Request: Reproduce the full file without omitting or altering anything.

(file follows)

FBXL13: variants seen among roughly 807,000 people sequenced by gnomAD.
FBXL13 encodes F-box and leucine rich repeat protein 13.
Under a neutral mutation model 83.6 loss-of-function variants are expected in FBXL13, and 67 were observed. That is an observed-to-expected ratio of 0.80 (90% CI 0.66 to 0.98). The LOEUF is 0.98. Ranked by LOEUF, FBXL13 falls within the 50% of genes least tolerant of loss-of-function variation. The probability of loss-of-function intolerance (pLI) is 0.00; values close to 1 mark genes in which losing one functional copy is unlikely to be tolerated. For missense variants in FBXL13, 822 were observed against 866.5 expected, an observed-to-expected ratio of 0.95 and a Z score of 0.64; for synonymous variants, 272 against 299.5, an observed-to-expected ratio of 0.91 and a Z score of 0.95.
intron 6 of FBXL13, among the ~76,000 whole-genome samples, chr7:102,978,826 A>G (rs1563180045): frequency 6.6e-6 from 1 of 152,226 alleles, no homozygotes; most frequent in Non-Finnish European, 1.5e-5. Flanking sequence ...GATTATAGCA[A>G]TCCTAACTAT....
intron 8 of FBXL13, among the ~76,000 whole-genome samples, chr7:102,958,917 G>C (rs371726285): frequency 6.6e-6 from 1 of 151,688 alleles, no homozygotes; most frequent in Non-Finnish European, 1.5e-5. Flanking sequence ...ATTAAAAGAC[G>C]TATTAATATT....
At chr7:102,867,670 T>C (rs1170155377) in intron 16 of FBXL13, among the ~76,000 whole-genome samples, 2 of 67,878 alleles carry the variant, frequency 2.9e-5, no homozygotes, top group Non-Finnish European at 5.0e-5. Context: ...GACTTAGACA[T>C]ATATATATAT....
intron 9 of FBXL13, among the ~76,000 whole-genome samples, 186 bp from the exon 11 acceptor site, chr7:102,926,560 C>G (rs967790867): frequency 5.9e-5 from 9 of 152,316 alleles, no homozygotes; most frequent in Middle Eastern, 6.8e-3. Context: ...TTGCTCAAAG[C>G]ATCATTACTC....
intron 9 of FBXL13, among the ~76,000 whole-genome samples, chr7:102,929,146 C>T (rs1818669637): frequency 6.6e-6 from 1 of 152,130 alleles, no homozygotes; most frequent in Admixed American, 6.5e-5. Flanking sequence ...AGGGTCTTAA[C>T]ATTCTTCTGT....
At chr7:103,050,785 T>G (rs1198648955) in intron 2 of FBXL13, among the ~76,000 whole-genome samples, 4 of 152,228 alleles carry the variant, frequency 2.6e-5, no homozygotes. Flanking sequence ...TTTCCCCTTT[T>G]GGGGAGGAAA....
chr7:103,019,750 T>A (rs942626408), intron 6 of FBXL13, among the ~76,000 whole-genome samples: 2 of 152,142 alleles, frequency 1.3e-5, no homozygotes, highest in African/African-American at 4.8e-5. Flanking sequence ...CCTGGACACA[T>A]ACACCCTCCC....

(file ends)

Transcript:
FBXL13: variants seen among roughly 807,000 people sequenced by gnomAD.
FBXL13 encodes F-box and leucine rich repeat protein 13.
Under a neutral mutation model 83.6 loss-of-function variants are expected in FBXL13, and 67 were observed. That is an observed-to-expected ratio of 0.80 (90% CI 0.66 to 0.98). The LOEUF is 0.98. Ranked by LOEUF, FBXL13 falls within the 50% of genes least tolerant of loss-of-function variation. The probability of loss-of-function intolerance (pLI) is 0.00; values close to 1 mark genes in which losing one functional copy is unlikely to be tolerated. For missense variants in FBXL13, 822 were observed against 866.5 expected, an observed-to-expected ratio of 0.95 and a Z score of 0.64; for synonymous variants, 272 against 299.5, an observed-to-expected ratio of 0.91 and a Z score of 0.95.
intron 6 of FBXL13, among the ~76,000 whole-genome samples, chr7:102,978,826 A>G (rs1563180045): frequency 6.6e-6 from 1 of 152,226 alleles, no homozygotes; most frequent in Non-Finnish European, 1.5e-5. Flanking sequence ...GATTATAGCA[A>G]TCCTAACTAT....
intron 8 of FBXL13, among the ~76,000 whole-genome samples, chr7:102,958,917 G>C (rs371726285): frequency 6.6e-6 from 1 of 151,688 alleles, no homozygotes; most frequent in Non-Finnish European, 1.5e-5. Flanking sequence ...ATTAAAAGAC[G>C]TATTAATATT....
At chr7:102,867,670 T>C (rs1170155377) in intron 16 of FBXL13, among the ~76,000 whole-genome samples, 2 of 67,878 alleles carry the variant, frequency 2.9e-5, no homozygotes, top group Non-Finnish European at 5.0e-5. Context: ...GACTTAGACA[T>C]ATATATATAT....
intron 9 of FBXL13, among the ~76,000 whole-genome samples, 186 bp from the exon 11 acceptor site, chr7:102,926,560 C>G (rs967790867): frequency 5.9e-5 from 9 of 152,316 alleles, no homozygotes; most frequent in Middle Eastern, 6.8e-3. Context: ...TTGCTCAAAG[C>G]ATCATTACTC....
intron 9 of FBXL13, among the ~76,000 whole-genome samples, chr7:102,929,146 C>T (rs1818669637): frequency 6.6e-6 from 1 of 152,130 alleles, no homozygotes; most frequent in Admixed American, 6.5e-5. Flanking sequence ...AGGGTCTTAA[C>T]ATTCTTCTGT....
At chr7:103,050,785 T>G (rs1198648955) in intron 2 of FBXL13, among the ~76,000 whole-genome samples, 4 of 152,228 alleles carry the variant, frequency 2.6e-5, no homozygotes. Flanking sequence ...TTTCCCCTTT[T>G]GGGGAGGAAA....
chr7:103,019,750 T>A (rs942626408), intron 6 of FBXL13, among the ~76,000 whole-genome samples: 2 of 152,142 alleles, frequency 1.3e-5, no homozygotes, highest in African/African-American at 4.8e-5. Flanking sequence ...CCTGGACACA[T>A]ACACCCTCCC....